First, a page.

Offline SolEX01

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Re: Ash Wednesday… why?
« Reply #3 on: March 01, 2009, 11:26:08 PM »
The Byzantine Emperors received a silk purse full of ashes at his/her coronation.  Perhaps the West continued the tradition....

Offline PeterTheAleut

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Re: Ash Wednesday… why?
« Reply #4 on: March 02, 2009, 12:00:09 AM »
The Byzantine Emperors received a silk purse full of ashes at his/her coronation.  Perhaps the West continued the tradition....
???  What does this bit of speculation have to do with the OP, outside of the ashes?
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Offline SolEX01

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Re: Ash Wednesday… why?
« Reply #5 on: March 03, 2009, 01:46:28 AM »
The Byzantine Emperors received a silk purse full of ashes at his/her coronation.  Perhaps the West continued the tradition....
???  What does this bit of speculation have to do with the OP, outside of the ashes?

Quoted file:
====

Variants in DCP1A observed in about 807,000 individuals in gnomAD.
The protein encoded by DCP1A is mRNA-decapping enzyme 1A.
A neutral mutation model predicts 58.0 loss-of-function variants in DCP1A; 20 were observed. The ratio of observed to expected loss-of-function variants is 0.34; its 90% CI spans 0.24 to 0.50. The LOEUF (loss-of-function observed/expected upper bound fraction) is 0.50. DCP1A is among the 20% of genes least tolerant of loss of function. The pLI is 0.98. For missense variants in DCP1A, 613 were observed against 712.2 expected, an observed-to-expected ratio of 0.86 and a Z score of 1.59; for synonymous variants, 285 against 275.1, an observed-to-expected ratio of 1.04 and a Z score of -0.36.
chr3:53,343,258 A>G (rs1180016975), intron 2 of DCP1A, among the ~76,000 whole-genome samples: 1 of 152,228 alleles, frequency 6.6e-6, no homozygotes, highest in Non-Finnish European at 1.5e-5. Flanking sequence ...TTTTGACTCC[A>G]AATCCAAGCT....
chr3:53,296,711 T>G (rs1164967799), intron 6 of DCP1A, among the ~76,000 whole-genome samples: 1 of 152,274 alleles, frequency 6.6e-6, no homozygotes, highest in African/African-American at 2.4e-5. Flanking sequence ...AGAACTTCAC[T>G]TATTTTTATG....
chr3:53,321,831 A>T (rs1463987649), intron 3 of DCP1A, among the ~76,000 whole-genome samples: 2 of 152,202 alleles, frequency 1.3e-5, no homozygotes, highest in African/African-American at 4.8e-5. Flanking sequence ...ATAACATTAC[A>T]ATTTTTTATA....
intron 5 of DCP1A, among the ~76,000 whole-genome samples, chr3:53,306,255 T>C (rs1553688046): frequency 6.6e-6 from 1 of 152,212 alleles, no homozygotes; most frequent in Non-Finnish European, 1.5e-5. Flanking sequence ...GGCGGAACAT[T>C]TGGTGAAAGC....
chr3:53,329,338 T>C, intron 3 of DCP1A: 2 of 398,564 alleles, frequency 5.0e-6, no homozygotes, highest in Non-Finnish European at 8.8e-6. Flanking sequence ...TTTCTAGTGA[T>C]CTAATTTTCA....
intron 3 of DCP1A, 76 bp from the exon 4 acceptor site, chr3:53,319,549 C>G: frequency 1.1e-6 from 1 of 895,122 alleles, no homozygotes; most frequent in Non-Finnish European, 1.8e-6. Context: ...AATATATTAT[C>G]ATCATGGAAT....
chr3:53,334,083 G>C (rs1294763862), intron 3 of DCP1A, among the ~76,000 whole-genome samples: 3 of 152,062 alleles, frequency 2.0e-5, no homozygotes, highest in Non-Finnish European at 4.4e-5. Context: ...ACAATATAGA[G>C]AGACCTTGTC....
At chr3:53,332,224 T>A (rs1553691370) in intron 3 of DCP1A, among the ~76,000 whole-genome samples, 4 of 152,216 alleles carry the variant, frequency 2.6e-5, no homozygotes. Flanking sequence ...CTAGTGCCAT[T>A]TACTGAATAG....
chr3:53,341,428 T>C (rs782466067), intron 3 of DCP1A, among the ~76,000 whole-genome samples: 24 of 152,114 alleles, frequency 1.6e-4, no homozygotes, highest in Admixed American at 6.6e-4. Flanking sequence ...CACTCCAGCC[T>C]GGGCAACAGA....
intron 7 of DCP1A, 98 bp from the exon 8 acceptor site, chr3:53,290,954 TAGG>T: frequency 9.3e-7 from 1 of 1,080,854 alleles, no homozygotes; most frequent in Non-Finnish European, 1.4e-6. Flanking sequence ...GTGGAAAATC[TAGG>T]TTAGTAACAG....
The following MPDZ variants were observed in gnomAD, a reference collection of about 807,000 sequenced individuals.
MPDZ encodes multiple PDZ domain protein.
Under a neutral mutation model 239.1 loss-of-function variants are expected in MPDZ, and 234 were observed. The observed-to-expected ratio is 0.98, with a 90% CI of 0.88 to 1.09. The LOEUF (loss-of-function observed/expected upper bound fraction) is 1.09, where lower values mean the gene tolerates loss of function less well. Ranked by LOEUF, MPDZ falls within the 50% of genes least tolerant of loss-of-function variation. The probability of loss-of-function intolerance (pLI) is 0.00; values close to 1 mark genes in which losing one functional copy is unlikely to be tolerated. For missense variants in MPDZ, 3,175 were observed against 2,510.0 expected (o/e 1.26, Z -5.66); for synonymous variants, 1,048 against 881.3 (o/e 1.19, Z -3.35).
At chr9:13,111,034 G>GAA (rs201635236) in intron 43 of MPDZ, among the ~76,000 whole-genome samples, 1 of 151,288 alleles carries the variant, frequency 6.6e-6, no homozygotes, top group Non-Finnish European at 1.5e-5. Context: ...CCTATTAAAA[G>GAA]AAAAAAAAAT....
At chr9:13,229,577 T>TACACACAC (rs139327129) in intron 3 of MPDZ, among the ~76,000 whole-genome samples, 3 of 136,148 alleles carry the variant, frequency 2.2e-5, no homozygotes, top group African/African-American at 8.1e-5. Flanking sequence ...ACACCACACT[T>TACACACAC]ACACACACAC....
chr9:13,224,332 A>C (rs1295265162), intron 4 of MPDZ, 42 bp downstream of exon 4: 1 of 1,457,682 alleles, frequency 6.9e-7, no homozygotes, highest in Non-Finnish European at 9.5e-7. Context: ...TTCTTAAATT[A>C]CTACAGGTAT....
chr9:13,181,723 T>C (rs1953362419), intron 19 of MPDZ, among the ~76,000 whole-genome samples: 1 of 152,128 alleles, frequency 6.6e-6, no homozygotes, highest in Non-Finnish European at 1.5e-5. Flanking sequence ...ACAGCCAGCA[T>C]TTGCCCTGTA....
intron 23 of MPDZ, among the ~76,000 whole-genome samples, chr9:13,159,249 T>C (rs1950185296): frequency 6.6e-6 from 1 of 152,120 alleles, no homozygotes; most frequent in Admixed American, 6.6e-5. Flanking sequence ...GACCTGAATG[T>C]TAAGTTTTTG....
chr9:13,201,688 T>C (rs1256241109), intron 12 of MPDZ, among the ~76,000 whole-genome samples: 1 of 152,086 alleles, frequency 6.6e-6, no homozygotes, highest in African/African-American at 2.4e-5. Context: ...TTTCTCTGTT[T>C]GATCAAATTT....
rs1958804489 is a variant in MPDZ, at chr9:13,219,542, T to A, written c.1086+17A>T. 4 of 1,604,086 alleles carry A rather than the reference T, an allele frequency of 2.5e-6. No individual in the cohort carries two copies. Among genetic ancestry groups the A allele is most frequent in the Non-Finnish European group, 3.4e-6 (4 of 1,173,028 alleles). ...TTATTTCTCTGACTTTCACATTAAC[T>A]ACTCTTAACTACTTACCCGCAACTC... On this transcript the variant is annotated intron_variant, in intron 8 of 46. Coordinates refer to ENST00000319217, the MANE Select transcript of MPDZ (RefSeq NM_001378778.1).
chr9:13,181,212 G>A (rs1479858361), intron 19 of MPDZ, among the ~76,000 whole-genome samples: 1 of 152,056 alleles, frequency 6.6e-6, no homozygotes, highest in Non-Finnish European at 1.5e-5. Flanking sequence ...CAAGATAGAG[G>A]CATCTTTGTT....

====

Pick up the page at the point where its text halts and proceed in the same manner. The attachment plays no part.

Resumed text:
There is no speculation; Just a plausible explanation for why ashes are used to commemorate the start of Lent.

Offline PeterTheAleut

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Re: Ash Wednesday… why?
« Reply #6 on: March 03, 2009, 05:50:24 AM »
The Byzantine Emperors received a silk purse full of ashes at his/her coronation.  Perhaps the West continued the tradition....
???  What does this bit of speculation have to do with the OP, outside of the ashes?

There is no speculation; Just a plausible explanation for why ashes are used to commemorate the start of Lent.
Plausible explanation?  In whose imaginary world? ???

You know, rather than offer up such outlandish explanations as this, you might actually ask our resident Catholics why they use ashes to commemorate the start of Lent.  Just a thought.
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Offline Entscheidungsproblem

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Re: Ash Wednesday… why?
« Reply #7 on: March 03, 2009, 03:02:33 PM »